Drought 2012 does not have to destroy anybody. This year’s drought simply challenges us to maintain our steady conviction in God. It challenges us to look around and find others who need God in their lives and then to serve as God’s hands. The drought is stripping us of all those accessories in life that can replace the importance of God in our life. Drought 2012 can serve as a reaffirmation of our reliance on God and the promises he has made.
God’s promises kept Job faithful. Even through all the trials handed him, he stuck to his faith. Reading the epilogue, those last few verses in Job 42, provide a glimmer of hope:
After Job had interceded for his friends, God restored his fortune—and then doubled it! All his brothers and sisters and friends came to his house and celebrated. They told him how sorry they were, and consoled him for all the trouble God had brought him. . . . God blessed Job’s later life even more than his earlier life.
The drought experienced this summer may not be over, but we already see evidence that the earth heals. The current drought may be a record breaker just like the Joplin tornado last spring, but consider the outpouring of Christian love afterwards—just like the lilacs blooming in late September.
Whatever challenges we handle, whatever drought we experience, God is with us. Job turned to God despite all his sufferings and even prayed for his friends:
1-6 Job answered God:
“I’m convinced: You can do anything and everything.
Nothing and no one can upset your plans.
You asked, ‘Who is this muddying the water,
ignorantly confusing the issue, second-guessing my purposes?’
I admit it. I was the one. I babbled on about things far beyond me,
made small talk about wonders way over my head.
You told me, ‘Listen, and let me do the talking.
Let me ask the questions. You give the answers.’
I admit I once lived by rumors of you;
now I have it all firsthand—from my own eyes and ears!
I’m sorry—forgive me. I’ll never do that again, I promise!
I’ll never again live on crusts of hearsay, crumbs of rumor.” (the MSG)
Job prayed. He knew his scripture. He repented and prayed. His sufferings turned from self-pity to the needs of his friends. He stood up and offered his intercession for them. God heard him, answered him, and rewarded him. This was under the Old Covenant.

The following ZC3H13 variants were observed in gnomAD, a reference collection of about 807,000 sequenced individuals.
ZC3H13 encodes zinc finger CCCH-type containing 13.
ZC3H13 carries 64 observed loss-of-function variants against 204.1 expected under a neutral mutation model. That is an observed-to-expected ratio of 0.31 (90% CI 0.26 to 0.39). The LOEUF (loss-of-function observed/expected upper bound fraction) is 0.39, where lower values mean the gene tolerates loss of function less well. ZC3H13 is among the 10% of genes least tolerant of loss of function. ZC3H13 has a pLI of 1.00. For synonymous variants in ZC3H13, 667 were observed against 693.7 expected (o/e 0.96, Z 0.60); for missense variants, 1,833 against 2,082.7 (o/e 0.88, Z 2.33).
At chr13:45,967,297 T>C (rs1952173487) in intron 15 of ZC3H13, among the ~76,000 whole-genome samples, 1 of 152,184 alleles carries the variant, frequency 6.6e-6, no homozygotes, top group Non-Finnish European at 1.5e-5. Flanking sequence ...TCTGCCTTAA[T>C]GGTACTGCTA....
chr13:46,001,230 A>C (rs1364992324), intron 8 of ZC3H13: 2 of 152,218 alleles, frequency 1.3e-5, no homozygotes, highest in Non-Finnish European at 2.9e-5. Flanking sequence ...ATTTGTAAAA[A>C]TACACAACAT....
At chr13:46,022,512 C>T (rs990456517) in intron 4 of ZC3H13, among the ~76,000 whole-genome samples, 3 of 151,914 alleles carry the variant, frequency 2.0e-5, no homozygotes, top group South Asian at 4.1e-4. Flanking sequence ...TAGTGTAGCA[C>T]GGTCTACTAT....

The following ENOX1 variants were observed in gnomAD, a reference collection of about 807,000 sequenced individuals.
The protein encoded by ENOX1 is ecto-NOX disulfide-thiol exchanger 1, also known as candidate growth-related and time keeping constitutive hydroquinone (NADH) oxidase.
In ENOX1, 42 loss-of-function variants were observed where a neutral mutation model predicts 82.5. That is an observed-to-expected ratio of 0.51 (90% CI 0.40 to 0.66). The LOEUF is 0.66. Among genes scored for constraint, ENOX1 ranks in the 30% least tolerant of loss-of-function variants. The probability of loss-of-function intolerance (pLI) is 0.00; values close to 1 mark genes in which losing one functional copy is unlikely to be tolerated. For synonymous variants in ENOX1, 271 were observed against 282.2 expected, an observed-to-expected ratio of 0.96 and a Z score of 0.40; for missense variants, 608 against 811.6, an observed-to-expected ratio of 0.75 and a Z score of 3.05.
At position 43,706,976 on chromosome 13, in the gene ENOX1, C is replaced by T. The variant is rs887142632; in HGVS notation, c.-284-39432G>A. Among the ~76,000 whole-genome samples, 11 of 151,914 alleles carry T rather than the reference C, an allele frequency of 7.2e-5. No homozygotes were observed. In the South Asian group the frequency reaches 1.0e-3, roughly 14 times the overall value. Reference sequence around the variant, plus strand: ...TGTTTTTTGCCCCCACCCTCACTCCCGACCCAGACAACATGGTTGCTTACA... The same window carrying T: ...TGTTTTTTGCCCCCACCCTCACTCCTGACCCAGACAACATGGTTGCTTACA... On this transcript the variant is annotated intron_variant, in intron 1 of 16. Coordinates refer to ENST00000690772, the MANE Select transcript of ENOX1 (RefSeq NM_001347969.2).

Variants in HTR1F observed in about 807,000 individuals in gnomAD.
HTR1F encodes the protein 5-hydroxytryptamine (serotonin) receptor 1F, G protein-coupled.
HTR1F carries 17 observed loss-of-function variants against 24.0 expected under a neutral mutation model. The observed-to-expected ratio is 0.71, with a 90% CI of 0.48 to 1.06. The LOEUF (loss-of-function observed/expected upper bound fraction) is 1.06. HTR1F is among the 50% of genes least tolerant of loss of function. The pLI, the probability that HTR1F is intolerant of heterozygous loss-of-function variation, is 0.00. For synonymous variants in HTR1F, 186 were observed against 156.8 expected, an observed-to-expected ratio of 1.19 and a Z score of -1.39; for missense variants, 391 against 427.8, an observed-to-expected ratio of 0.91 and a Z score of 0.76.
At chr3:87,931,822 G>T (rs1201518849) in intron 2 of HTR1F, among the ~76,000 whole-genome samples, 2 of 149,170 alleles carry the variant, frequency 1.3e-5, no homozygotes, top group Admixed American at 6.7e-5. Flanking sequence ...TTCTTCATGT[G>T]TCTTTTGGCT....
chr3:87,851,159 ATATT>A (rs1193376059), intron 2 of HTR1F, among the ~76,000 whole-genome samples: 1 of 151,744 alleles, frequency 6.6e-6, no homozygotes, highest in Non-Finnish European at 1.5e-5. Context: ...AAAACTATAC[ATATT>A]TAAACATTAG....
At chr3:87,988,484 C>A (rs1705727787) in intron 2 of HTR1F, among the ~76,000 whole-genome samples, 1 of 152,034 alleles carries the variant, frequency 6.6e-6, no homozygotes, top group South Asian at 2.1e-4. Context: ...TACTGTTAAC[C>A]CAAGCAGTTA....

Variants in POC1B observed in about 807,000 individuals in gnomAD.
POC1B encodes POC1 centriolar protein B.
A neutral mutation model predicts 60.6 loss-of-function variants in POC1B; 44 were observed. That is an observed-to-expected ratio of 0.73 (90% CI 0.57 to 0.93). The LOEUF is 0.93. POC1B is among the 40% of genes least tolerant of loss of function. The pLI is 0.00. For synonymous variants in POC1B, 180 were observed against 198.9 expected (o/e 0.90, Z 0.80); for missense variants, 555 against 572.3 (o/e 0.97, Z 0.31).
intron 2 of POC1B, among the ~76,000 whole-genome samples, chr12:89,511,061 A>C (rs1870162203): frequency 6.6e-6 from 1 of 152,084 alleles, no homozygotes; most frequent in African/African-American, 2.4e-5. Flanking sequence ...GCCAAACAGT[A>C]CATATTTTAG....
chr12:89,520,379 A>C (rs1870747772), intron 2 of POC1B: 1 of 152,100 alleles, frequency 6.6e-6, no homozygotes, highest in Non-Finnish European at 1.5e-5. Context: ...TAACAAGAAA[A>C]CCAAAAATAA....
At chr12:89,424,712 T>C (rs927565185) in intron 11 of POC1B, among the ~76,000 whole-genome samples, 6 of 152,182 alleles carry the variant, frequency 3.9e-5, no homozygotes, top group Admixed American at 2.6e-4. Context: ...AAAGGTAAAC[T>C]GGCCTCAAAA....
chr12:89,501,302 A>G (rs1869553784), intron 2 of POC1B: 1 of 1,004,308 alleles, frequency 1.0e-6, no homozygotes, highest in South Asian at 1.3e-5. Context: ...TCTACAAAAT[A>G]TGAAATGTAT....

Under the New Covenant, life is simpler but it still comes with suffering. James did not let the New Christians forget their Jewish history. He reminded them that Job, too, had suffered and yet persevered. He said:
“If I were in your shoes, I’d go straight to God,
I’d throw myself on the mercy of God.
After all, he’s famous for great and unexpected acts;
there’s no end to his surprises.
He gives rain, for instance, across the wide earth,
sends water to irrigate the fields.
He raises up the down-and-out,
gives firm footing to those sinking in grief.
He aborts the schemes of conniving crooks,
so that none of their plots come to term.
He catches the know-it-alls in their conspiracies—
all that intricate intrigue swept out with the trash!
Suddenly they’re disoriented, plunged into darkness;
they can’t see to put one foot in front of the other.
But the downtrodden are saved by God,
saved from the murderous plots, saved from the iron fist.
And so the poor continue to hope,
while injustice is bound and gagged.
James and Job knew what a drought of faith could cause, but during the worst of the suffering, God will remain by our side. We must remain by God’s side.
Drought is a condition of the earth, yet when the rain does come and the temperatures do drop, the earth responds with the greatest of riches—new growth, new color, and lots of surprises to reward us.
The truth is that we will experience private droughts or sufferings, but remain faithful. God is beside you and will reward you with riches beyond our expectations.
Dear Faithful Father,
These long hot weeks of the drought have challenged us.
We struggle to keep our faith.
We struggle to know we are not alone.
We struggle to find hope along the paths of parched earth.
Thank you for your words of encouragement
found in the scriptures.
Thank you for the support and love of the Christian family.
Thank you for evidence of your promises
Give us strength and courage to weather the drought of earth and soul.
Help us to look forward to the rewards yet to come.
These lilacs are across the street from our house.
What a surprise it was to find them on September 25, 2012. They bloomed this year in March, a month early due to the warm winter. Nature sure does surprise us.